Iraq: What to watch for while winding down the war (for us, at least)

Iraqi national police officers board a helicopter after an Iraqi-led air assault the Ma'dain region outside Baghdad, Iraq, June 26 (U.S. Army photo by Sgt. 1st Class Alex Licea)

Iraqi national police officers board a helicopter after an Iraqi-led air assault the Ma'dain region outside Baghdad, Iraq, June 26 (U.S. Army photo by Sgt. 1st Class Alex Licea)

Today is a big day in Iraq. U.S. troops are exiting most of the cities. This is decent news for us Americans(our troops will be at less risk, huzzah) and we’ll be one step closer to the partial withdrawal in 2011. (Assuming things go according to plan–a big assumption–we’ll still have a significant military presence in the country until at least 2019, made up of tens of thousands of military personnel and contractors.) The pullout is maybe/sort of/kind of/ excellent news for Iraqis, depending on your ethnicity, level of pessimism, and general disposition towards foreign occupiers.

Six things to watch for:

1)Will the civil war begin again? (This is an obvious number one. In fact, if you look at how civil wars usually go–think Lebanon,’75-’90–you could argue the civil war in Iraq never ended. It’s just died down. But, it seems reasonable to think, that the fighting between government and anti-government forces won’t ever reach the level of violence that we saw from 2005-2007. )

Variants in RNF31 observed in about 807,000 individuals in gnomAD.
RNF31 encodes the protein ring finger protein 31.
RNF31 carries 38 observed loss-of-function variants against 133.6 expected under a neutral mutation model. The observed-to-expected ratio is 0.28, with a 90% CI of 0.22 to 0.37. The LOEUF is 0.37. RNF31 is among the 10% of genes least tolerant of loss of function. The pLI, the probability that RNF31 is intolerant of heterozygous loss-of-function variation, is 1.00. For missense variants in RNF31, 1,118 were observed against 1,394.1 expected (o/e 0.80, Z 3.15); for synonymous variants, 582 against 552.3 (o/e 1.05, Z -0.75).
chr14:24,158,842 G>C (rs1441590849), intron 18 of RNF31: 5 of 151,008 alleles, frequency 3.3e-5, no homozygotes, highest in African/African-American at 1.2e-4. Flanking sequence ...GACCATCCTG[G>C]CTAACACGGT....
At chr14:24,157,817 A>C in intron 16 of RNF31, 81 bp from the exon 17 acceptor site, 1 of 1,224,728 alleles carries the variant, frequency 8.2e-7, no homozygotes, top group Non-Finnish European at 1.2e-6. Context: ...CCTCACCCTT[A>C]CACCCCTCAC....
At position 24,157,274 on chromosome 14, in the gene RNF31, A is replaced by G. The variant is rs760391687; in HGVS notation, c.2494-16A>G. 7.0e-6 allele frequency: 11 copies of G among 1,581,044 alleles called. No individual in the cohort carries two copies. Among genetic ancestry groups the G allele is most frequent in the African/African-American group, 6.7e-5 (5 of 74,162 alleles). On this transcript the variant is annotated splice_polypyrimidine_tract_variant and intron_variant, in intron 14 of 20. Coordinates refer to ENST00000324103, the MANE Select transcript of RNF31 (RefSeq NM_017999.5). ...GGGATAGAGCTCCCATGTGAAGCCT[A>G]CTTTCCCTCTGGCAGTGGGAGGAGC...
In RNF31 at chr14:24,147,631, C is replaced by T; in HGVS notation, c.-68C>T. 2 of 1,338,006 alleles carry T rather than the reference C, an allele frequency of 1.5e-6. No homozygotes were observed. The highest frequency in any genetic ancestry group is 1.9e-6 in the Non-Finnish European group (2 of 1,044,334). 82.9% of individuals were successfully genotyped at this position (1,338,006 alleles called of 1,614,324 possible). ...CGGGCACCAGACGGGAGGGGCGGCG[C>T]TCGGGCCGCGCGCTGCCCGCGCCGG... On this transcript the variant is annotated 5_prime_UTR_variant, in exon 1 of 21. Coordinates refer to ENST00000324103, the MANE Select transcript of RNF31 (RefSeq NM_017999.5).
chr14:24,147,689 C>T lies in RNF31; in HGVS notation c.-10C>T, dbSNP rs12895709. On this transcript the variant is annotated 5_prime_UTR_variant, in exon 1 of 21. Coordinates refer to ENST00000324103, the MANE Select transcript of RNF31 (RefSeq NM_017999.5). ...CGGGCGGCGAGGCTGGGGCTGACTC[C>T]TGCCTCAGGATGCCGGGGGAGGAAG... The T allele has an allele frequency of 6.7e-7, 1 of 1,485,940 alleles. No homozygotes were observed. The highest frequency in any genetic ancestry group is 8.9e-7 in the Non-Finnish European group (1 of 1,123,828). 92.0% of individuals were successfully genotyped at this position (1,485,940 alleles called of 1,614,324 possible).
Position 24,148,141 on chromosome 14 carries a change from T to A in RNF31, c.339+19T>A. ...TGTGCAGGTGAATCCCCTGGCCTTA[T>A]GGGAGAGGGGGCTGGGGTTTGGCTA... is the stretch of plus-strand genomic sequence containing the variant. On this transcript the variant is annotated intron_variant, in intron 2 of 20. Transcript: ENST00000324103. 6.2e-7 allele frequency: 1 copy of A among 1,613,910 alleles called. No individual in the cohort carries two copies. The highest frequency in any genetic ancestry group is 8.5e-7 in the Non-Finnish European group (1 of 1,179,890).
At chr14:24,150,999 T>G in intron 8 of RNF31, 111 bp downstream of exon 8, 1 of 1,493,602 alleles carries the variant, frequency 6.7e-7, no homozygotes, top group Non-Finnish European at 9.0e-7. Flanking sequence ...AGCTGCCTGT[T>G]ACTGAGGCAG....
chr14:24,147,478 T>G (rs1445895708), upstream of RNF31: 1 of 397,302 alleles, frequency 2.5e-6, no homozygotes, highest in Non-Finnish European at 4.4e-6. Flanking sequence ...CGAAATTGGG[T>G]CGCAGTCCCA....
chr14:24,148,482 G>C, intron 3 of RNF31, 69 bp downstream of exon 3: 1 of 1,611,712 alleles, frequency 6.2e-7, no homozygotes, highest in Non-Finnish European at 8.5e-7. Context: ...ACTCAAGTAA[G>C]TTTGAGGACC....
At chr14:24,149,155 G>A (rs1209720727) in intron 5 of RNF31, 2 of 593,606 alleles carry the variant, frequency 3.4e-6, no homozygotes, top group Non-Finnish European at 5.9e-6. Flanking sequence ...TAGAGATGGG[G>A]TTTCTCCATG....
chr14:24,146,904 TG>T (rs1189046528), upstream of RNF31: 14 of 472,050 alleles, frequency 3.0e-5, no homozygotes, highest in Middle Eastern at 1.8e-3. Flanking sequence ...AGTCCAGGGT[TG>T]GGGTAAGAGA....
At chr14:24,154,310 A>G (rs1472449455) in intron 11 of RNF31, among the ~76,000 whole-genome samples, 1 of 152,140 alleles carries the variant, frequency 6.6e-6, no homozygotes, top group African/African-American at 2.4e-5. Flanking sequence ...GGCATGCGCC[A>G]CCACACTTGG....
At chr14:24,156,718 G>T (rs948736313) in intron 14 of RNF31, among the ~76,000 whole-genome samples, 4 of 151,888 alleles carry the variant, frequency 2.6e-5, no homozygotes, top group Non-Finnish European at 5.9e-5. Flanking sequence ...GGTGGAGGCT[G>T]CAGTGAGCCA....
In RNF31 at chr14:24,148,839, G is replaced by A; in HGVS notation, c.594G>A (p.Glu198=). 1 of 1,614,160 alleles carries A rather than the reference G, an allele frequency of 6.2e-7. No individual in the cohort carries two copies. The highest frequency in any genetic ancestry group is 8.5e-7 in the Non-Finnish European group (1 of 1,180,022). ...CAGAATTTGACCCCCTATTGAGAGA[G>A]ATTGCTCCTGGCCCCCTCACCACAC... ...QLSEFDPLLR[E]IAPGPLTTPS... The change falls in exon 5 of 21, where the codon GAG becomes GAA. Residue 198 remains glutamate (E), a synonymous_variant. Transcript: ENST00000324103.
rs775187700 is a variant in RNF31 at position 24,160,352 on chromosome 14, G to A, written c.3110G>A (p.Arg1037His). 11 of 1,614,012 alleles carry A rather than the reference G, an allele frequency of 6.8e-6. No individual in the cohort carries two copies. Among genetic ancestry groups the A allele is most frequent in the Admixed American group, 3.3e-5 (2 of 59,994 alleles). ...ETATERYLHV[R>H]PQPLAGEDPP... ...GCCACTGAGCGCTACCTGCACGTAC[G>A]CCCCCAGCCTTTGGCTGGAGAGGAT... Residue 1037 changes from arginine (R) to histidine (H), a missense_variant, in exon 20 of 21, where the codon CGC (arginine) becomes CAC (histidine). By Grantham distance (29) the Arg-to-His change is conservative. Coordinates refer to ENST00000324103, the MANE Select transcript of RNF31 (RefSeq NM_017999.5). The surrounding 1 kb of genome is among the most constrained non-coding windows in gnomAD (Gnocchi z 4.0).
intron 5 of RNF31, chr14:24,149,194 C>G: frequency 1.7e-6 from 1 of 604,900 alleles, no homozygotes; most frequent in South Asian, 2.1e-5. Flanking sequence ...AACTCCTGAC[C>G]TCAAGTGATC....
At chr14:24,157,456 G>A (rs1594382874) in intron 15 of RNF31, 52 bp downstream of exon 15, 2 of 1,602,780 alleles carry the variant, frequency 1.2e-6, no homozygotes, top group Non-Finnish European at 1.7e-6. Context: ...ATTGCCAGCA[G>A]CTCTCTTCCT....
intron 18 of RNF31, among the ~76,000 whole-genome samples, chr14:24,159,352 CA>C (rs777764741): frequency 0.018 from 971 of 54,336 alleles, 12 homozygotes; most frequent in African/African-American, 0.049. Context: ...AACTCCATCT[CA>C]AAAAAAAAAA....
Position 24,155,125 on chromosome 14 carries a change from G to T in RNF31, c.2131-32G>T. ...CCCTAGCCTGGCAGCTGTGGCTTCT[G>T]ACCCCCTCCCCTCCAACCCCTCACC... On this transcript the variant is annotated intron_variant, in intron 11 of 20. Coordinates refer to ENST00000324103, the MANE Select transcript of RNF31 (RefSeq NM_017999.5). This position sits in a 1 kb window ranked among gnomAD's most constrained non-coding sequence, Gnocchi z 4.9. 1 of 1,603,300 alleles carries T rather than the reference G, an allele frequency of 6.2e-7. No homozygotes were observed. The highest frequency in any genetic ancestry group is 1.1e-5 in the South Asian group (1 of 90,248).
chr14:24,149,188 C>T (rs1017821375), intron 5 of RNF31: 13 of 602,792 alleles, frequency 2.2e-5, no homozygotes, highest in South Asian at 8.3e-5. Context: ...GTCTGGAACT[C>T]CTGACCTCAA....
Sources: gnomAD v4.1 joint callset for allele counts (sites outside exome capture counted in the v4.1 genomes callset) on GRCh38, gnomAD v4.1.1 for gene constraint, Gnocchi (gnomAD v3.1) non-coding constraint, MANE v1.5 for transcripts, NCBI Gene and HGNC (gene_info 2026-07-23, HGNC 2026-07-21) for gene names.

2)Is there a level of violence that would force Obama to reverse the partial withdrawal? I don’t think so, and this is the dirty little secret of the pull-out: we’re okay with lots of killing as long it’s just Iraqi on Iraqi violence. If we start to increase our involvement again, then Americans will start getting killed, which is what the Obama administration wants to avoid.  Also, without the Americans in the way, Maliki’s government will have a free hand to deal with their opponents as they wish. (And they have all their potential enemies names/biometrics.)

3) That might be a bit optimistic–perhaps, if violence does start creeping up, Americans will start creeping back into the fight. (Iraq vet Jon Soltz lays out why that might be so here at the Huffington Post, saying Iraq is a “powder keg” waiting to go off. ) I think, though, for the U.S. to start really mixing it up, the Maliki government would have to be close to toppling. And as long as Obama can keep the number of U.S. deaths a month to say, under 10, then it will pass unnoticed on the homefront.

4) Will Iraq become a “safe-haven” for Al Qaeda? This man, a leader of the Sunni Awakening, says yes: “Also, if the Americans pull out, al Qaeda will return.” My guess: AQ will probably be there(because Iraq will still be something close to a failed state, with little central government control, and despite their losses, AQ still has roots there.) And AQ’s return(or the fear of) will ensure that U.S. presence will continue until 2019 and beyondish.

5) What companies finally get the oil contracts? Oil companies have been waiting in the wings for the situation to get just ripe; looks like Exxon is in the lead.